As life grows increasingly complex, happiness seems to grow more and more elusive. There is no guarantee that you will not face setbacks in life, but how you choose to deal with them is definitely in your control. A person who lives by this mantra, one who bounces back from the blows of life with spirit intact, is said to possess that rarest of qualities – resilience.
Putting Disappointment in Perspective
When we read of the number of people seeking escape from life’s realities through drink, drugs, alcohol, and even suicide, one fact is painfully clear – they lack the ability to see things with the right perspective. Agreed, you may have flunked the exam, but does that have to mean you are a failure? Perhaps you are not able to keep a steady relationship, but does that mean you can never be happy? Failing to do well at studies or work, an enterprise that fails to take off and instead lands you in debt, a debilitating illness, or losing a loved one – all of these are part and parcel of life and if you do not want these to turn you into a nervous wreck, it is vital you put such disappointments in perspective.
Tips to Improve Resilience
Resilience is a quality that is a combination of several things – a positive attitude, the ability to discriminate between right and wrong, the strength to do what is difficult without giving in to impulses, and the ability to believe in yourself and your abilities. Here are a few tips on how you can build resilience.
Think back to past events that, at that time, had seemed like insurmountable problems. Recollect how bad things seemed and yet, how they ultimately changed for the better. Look for positives you can take from such incidents – how you learned something new, or how it was all for good in the long run. Tell yourself that the present situation is a similar one, and think of how, in the future, you will be wondering why you felt so seriously down over such a trivial issue.
Connect with Resilient People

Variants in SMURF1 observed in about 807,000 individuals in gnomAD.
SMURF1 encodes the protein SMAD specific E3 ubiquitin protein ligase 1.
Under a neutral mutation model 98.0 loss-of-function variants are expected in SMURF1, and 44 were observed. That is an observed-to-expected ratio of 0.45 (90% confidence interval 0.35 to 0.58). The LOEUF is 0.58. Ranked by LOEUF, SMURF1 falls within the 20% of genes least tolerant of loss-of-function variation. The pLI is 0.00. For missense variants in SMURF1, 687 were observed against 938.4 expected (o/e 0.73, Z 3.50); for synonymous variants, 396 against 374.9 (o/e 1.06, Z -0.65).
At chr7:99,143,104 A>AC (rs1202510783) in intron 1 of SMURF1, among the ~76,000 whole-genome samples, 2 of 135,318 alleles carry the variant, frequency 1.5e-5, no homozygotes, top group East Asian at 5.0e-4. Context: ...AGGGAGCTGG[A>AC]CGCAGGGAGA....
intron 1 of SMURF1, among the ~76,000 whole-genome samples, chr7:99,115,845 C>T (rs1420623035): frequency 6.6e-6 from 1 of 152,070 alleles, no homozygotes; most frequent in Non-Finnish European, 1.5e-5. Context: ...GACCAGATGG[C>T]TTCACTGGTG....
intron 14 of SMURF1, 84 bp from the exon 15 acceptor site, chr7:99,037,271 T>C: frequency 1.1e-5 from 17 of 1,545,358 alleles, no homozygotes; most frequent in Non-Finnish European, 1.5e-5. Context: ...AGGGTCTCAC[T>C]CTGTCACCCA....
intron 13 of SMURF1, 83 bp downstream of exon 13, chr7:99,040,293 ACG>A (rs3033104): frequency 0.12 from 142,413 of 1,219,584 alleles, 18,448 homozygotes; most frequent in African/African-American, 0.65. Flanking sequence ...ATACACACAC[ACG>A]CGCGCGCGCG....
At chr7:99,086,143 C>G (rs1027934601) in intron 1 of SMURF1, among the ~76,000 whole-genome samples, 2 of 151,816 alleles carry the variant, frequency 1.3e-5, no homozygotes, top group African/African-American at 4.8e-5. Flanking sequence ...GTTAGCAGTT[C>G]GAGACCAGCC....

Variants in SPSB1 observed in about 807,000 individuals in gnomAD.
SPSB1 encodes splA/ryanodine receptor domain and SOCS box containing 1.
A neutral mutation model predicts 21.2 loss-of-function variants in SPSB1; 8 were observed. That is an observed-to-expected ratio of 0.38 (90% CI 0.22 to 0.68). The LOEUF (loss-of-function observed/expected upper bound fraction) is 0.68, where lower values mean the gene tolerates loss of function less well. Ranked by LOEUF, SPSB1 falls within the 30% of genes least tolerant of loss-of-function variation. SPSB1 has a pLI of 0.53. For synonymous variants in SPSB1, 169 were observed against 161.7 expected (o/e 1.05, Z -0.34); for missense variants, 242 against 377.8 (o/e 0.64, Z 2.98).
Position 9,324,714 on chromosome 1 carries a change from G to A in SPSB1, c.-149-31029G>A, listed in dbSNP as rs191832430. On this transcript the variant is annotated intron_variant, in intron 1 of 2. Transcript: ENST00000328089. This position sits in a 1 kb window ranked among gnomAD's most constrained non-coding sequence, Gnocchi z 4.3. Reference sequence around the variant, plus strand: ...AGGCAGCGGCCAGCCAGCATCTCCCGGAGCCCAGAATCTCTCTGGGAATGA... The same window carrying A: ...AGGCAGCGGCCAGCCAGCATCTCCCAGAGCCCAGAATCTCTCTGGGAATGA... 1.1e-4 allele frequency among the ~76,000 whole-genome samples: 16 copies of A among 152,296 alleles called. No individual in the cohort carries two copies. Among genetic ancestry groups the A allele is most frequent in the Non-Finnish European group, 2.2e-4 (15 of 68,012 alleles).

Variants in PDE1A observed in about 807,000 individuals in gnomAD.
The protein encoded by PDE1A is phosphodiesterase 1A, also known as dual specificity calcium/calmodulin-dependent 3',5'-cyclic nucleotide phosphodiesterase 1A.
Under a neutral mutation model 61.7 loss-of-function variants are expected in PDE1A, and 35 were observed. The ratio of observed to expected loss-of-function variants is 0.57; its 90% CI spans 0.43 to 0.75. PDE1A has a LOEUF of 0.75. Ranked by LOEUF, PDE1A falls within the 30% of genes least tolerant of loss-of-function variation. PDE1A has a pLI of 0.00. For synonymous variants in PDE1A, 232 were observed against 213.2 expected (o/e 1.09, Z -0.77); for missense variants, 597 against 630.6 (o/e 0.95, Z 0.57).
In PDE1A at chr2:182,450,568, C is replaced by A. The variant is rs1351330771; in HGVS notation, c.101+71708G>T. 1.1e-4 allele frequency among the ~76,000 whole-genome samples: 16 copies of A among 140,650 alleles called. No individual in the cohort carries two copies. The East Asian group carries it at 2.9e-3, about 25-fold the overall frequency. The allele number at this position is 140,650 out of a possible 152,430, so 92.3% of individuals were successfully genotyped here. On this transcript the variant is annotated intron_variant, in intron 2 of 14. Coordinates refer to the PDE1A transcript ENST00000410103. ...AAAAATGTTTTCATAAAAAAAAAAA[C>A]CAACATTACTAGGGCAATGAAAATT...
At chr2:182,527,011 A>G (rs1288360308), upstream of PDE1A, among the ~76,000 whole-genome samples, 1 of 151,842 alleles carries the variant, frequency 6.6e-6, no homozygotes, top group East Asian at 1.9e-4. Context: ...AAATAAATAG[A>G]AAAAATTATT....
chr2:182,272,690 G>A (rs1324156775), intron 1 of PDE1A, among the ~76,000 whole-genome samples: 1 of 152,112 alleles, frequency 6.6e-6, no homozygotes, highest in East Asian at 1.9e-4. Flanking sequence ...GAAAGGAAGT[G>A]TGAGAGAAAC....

Find someone in your social circle whom you admire for their resilience in the face of trouble. It could be a parent who struggled to raise you alone, or it could be a sibling who overcame his or her limitations, or a teacher who faced professional difficulties without batting an eyelid, or a friend who made a success out of a failed marriage – just look around yourself with a discriminating eye and you will find multiple examples of people who show resilience. Connect with such people and get their support – especially when you are feeling low. Avoid contact with people who encourage you to feel self-pity because this will only bog you down even more.
Do Something Meaningful
One of the best ways to put your life in perspective is to open your eyes and see the troubles other people face. Visit an orphanage or an old age home and see how people cope with not having their close ones; visit a centre for the differently-abled and see how they strive to make their way through life. Do not stop with mentally appreciating their spirit; strive to do something to contribute to them. Find something that gives you a sense of purpose – volunteer for work in your community or join a group that does something for the deprived people in society.
Pay Attention to Yourself
Resilience has a lot to do with how good you feel about yourself and about life in general; in turn, this is influenced by your state of physical and mental health. Make time for regular exercise – the endorphins released during exercise will help to boost your mood. Practice deep breathing, meditation, or yoga to keep your mind free of stress. Pursue a hobby and participate in activities that give you joy and help you relax. If you find yourself unable to cope with stressful events in your life, ask for help. Sometimes, confiding in a close family member or a friend can help you feel better; if this too does not seem to help, it makes sense to seek guidance from a mental health counselor.
Being resilient is not easy – it takes a lot of effort and of course, time. An important point to remember is that people who are resilient are not those who have absolutely no stress in their life; it’s just that they have learned the art of coping with it and bouncing back from the setbacks they face. Ignoring a problem in the hope it will go away is not the solution; facing up to it squarely, taking time to deal with it, and recovering your poise is what constitutes resilience and this is often the factor that distinguishes the true winners from the also-rans.
None of us can order our life to make sure there are no shocks – all we can do is ensure we have the right shock absorbers in place so that we suffer minimal damage, and bounce back quickly, looking to the future with hope and optimism.